Funfetti cake. Brief peril in the proximity of my crazy hair to birthday candles. The yearly barrage of, “Hey, [@EveryTennisProEver]! It’s my birthday — please tweet at me!”
I love birthdays. There’s something irresistible about their innate tangibility.
Whether I’m flipping my calendar from November 2013 to now or mentally preparing myself for 24 hours of Taylor Swift’s “22,” I crave tangible proof I’ve grown in the past year.
And yet, the tangible things I’ve counted on over the years have lost some of their luster this time. Fear not, I’ll still bake Funfetti cake with blindingly pink frosting, and Roger Federer will tweet at me this year (wishful thinking italicized for dramatic effect). This birthday, though, I’ve reinvented some of the tangible experiences I once clung to for evidence of personal growth.
Like tennis. When I quit playing my junior year of college, courtesy of homework/work/life in general, I felt lost. The physical act of playing tennis was ingrained in my identity. It provided a go-to means of relieving whatever trauma I faced that day.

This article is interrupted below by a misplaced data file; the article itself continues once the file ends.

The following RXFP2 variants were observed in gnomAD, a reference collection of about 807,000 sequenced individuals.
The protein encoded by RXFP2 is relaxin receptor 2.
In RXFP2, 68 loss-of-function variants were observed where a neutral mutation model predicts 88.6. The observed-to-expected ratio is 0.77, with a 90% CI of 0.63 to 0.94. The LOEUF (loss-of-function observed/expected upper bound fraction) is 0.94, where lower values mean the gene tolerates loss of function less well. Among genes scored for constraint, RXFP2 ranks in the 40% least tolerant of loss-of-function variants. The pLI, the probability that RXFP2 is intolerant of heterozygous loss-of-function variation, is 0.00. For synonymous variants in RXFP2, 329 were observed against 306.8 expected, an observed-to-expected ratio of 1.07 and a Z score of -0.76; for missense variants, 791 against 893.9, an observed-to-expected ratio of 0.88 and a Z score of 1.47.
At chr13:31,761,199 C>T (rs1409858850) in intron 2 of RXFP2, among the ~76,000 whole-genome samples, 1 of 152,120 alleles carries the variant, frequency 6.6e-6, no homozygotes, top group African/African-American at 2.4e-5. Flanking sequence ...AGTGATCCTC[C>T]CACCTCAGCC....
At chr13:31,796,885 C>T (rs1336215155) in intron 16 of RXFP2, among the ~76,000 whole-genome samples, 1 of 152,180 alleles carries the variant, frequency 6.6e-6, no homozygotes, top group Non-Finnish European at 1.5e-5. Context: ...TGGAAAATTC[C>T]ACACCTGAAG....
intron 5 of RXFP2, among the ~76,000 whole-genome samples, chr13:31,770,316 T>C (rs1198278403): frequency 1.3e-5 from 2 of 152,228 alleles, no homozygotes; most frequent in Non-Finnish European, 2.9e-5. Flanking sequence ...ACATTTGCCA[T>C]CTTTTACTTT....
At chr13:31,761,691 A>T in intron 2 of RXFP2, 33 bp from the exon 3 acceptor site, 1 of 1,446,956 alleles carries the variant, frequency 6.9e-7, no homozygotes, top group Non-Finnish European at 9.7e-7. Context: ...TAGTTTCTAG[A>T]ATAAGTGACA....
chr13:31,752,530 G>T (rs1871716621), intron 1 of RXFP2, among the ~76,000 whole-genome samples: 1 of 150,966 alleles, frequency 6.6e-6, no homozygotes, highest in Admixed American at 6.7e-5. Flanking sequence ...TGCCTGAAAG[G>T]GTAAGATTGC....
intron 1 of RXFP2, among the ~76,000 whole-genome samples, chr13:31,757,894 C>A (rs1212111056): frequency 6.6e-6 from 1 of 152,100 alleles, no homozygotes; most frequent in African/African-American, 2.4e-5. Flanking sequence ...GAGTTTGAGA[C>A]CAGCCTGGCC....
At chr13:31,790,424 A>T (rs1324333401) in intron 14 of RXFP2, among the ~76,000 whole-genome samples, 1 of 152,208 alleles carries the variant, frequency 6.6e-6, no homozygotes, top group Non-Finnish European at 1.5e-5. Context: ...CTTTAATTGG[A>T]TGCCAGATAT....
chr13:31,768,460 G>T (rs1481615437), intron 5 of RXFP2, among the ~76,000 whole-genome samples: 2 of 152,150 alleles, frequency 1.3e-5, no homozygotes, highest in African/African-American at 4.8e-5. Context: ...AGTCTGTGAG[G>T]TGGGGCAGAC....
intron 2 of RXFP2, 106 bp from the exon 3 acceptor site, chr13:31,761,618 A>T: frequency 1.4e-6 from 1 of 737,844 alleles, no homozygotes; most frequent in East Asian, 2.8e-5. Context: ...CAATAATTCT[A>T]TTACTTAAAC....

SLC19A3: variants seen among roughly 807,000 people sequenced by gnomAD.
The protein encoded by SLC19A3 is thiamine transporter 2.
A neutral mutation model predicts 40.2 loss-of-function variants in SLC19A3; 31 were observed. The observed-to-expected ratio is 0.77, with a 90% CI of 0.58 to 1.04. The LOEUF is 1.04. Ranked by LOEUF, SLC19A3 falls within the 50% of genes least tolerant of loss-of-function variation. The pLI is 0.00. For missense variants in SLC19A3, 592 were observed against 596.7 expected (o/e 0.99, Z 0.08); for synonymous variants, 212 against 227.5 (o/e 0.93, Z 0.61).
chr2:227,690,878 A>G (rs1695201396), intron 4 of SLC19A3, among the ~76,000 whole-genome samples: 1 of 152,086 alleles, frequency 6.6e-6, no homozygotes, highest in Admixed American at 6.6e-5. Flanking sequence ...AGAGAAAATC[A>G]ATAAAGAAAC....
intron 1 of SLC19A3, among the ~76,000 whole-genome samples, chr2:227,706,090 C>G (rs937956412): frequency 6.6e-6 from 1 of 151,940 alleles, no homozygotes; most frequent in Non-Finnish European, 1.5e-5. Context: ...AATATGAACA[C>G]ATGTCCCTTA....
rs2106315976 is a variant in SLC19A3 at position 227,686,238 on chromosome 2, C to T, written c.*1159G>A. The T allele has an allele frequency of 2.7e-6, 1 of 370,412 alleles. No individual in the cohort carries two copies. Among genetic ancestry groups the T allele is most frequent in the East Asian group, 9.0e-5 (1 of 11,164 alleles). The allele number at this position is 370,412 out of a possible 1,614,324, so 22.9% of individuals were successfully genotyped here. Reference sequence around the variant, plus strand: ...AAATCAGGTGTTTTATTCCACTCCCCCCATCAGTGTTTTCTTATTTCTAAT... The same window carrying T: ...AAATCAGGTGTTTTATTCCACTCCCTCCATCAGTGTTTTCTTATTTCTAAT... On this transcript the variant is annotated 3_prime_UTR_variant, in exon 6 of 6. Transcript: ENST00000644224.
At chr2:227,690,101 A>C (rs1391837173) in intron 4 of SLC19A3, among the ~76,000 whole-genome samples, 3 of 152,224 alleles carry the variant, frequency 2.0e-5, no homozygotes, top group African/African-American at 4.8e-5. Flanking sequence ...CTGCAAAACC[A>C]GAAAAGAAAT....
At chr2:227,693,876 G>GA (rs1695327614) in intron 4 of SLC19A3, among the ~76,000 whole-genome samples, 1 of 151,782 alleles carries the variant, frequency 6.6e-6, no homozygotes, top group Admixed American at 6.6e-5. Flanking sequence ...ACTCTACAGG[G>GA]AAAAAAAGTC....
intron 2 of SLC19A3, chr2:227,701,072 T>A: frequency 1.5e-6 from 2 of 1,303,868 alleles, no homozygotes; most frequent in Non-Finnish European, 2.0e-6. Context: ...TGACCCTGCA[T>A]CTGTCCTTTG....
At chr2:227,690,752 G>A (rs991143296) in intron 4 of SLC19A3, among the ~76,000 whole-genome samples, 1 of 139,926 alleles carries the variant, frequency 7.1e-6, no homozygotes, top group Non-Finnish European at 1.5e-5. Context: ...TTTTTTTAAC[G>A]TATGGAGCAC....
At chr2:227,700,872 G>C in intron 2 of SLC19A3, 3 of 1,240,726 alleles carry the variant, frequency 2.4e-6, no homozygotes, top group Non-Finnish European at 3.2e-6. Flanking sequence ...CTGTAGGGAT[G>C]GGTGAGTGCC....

Thanks to my senior capstone for my English writing degree, I’ve realized newfound complexity in the game of tennis. Though I can’t hit a forehand with the same finesse as my 17-year-old self, I’ve realized I love writing about tennis far more than I ever enjoyed playing it.
Plus, there’s a bizarre dichotomy in tennis. It’s intensely private and public, simultaneously. The player is alone on the court, as fans, coaches, photographers and even the umpire experience the narrative from a different vantage point. A fan-sanctioned form of solitary confinement.
Exploring this complexity in writing has renewed tennis’ purpose in my life.
Birthdays remind me it’s OK to be ridiculous (i.e. fangirl tweeting at Roger Federer while inhaling one-too-many Funfetti cupcakes), but they also remind me that personal growth transcends those 24 hours. It blurs into something more nuanced, in which the tangible and intangible are inextricable.